In the last two weeks, we’ve spent at least 2 hours reading player reviews, company literature and vendor takes on the new 2017 Rawlings VELO. We’ve watched every VELO video we could find and spent a good hour, with several different hitters, in the cage with the Rawlings VELO. That data set, combined with our knowledge on performance baseball bats, prepped us to write this 2017 Rawlings VELO review.
We referenced a number of sources in putting together this 2017 Rawlings VELO Review. You may also find them helpful. For starters, the 2017 Rawlings 5150 or 2017 Rawlings Quatro reviews worth your while. Those two bats use a lot of the elements found in the VELO for their construction too.
Additionally, our overview of the 2017 Rawlings bat lineup as well as our 2016 Rawlings VELO review may be helpful.
2017 Rawlings VELO Review Contents
2017 VELO Recommendations
We’d recommend the VELO to any player who prefers an aluminum barreled bat with its hot out of the wrapper functionality*. That player, we would also suggest, should appreciate a light swing weight per barrel size. The VELO receives near universal positive feedback on pop effect at different pitch speeds. At least as well as any bat on the market. As such, from little league to college ball the VELO is a very popular bat. (Amazon price check on the 2017 here).
2017 VELO Sizing & Type Options
It may be easiest, if trying to grasp the breadth of the 2017 VELO line, to consider the bat in two general categories. In the main category sits the traditional VELO with its extended composite end cap and aluminum alloy frame. To these bats they’ve added the “HYBRID” tag on the barrel. This is technically true as it combines the aluminum and composite in the same bat. But don’t confuse it with the traditional hybrid setup in the baseball space which has a composite handle and full aluminum barrel.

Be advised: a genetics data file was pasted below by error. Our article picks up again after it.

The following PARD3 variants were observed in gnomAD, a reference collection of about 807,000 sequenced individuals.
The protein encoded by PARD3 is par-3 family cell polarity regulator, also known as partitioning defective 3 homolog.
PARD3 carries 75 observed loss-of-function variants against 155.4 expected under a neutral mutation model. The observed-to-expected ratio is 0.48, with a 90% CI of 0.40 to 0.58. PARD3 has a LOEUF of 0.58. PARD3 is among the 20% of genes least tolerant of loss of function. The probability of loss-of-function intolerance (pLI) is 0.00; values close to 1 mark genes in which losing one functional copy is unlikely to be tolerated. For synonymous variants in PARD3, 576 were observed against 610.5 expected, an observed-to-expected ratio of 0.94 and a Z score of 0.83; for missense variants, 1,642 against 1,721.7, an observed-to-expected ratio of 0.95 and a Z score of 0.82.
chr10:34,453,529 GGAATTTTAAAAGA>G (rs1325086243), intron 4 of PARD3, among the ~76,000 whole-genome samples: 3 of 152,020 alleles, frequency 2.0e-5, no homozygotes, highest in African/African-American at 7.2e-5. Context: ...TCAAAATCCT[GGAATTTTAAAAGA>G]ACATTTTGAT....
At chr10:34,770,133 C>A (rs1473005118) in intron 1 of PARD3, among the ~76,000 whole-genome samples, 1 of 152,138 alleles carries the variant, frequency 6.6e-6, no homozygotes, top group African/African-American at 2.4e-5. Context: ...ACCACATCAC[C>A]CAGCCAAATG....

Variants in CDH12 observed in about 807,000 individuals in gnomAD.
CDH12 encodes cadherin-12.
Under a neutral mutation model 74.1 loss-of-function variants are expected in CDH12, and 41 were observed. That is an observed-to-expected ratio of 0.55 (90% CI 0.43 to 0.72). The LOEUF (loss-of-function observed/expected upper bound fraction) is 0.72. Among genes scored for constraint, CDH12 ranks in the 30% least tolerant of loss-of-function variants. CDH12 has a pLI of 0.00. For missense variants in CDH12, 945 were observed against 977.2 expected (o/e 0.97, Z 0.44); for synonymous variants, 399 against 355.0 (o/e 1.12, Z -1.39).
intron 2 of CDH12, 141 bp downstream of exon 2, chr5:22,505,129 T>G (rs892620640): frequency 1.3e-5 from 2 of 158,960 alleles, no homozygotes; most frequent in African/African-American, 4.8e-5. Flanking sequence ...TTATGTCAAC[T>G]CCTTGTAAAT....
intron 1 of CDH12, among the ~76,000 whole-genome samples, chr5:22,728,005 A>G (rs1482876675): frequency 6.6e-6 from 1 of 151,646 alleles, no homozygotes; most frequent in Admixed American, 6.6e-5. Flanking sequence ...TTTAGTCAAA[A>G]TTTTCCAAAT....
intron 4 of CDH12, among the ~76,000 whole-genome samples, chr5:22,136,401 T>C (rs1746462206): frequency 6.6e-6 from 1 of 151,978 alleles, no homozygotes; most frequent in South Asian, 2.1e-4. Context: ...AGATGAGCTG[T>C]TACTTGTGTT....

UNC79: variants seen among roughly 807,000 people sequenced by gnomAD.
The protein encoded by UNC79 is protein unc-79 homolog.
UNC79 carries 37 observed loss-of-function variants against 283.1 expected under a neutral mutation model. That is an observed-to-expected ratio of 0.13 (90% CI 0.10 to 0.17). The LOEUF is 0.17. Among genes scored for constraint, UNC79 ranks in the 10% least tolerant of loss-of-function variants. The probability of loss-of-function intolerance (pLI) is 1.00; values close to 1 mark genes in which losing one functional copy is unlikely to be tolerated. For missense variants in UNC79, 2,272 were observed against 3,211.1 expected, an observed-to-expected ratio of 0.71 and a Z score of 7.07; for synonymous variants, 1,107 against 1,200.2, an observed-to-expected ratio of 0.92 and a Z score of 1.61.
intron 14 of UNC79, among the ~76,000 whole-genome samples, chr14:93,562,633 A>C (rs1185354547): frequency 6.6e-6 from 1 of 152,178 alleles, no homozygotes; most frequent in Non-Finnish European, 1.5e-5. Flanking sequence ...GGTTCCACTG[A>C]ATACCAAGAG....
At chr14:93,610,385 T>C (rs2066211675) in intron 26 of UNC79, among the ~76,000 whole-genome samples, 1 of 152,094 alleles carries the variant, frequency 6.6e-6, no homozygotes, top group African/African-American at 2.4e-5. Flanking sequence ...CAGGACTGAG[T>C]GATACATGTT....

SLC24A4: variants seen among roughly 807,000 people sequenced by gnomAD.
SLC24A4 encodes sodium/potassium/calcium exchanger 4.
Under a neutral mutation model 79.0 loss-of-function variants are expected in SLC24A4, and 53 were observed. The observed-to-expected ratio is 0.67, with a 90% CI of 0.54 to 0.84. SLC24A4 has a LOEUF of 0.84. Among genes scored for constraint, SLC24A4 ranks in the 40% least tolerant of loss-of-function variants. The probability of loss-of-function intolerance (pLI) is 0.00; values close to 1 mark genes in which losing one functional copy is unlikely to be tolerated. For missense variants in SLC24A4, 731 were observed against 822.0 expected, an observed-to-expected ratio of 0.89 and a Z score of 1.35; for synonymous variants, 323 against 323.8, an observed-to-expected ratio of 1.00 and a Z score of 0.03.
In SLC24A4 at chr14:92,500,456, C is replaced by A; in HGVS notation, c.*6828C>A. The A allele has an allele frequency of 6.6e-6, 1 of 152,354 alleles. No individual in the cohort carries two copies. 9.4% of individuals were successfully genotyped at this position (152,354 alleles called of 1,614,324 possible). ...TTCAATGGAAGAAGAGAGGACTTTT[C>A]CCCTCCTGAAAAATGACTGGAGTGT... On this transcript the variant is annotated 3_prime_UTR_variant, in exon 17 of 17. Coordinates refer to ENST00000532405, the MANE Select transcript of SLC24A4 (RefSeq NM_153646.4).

Rawlings VELO Single Piece Hybrid
This grouping includes the very famous:
- BBCOR (BB7V)
- A 2 5/8 Senior barrel in a drop 10 (SL7V10)
- Another 2 5/8 Senior Barrel but in drop 5 (SL7V5)
- 2 3/4 Big Barrel in a drop 10 (SL7V34)
Rawlings VELO Composite
The other category includes a single bat. This is:
- 2 3/4 drop 12 constructed in a two-piece composite fashion (SL7V12)
Last year Rawlings labeled this particular bat the VELO Composite. We’ve yet to see that differentiation from vendors for the 2017 model. The only way to tell, aside from the serial number, is by looking closely at the picture. The two piece composite looks like, well, a two piece bat.
2017 VELO Construction
Save the two piece VELO Composite, the VELO is built with a full aluminum alloy body with an extended composite end cap. This cap, you’ll notice if you look closely, comes 2 to 3 inches into the barrel. An extended composite end cap drives the balance point toward the hands and gives the bat a lighter swing (lower MOI).
The other feature in the VELO is on the inside of the barrel. If you were to cut it open, you’d find a groove within the barrel. Rawlings refers to this as pOp 2.0. The groove isn’t big enough to hurt durability, but it is, in large measure, how the VELO maintains its low swing weight despite being a mostly aluminum bat.
These construction details, we should note, are the same as the 2016 VELO.
Other Bats | 2015 & 2016 Comparisons
In the 2017 class, there is yet to be a truly similar constructed bat. There are single piece aluminum bats, but none with a composite end cap.
The most similar bat to the 2017 VELO is, without surprise, the 2016 VELO. Neither the standard VELO or the VELO composite are any significant amount different. The 2016 and 2017, we should note, are noticably different than the 2015 as the 2015 doesn’t have the extended composite end cap or the groove on the inner barrel as we discuss above.
In previous years, Boombah’s Cannon bat is an attempted replica of the Rawlings VELO. It uses an extended composite end cap to lighten the swing of a mostly aluminum barreled bat.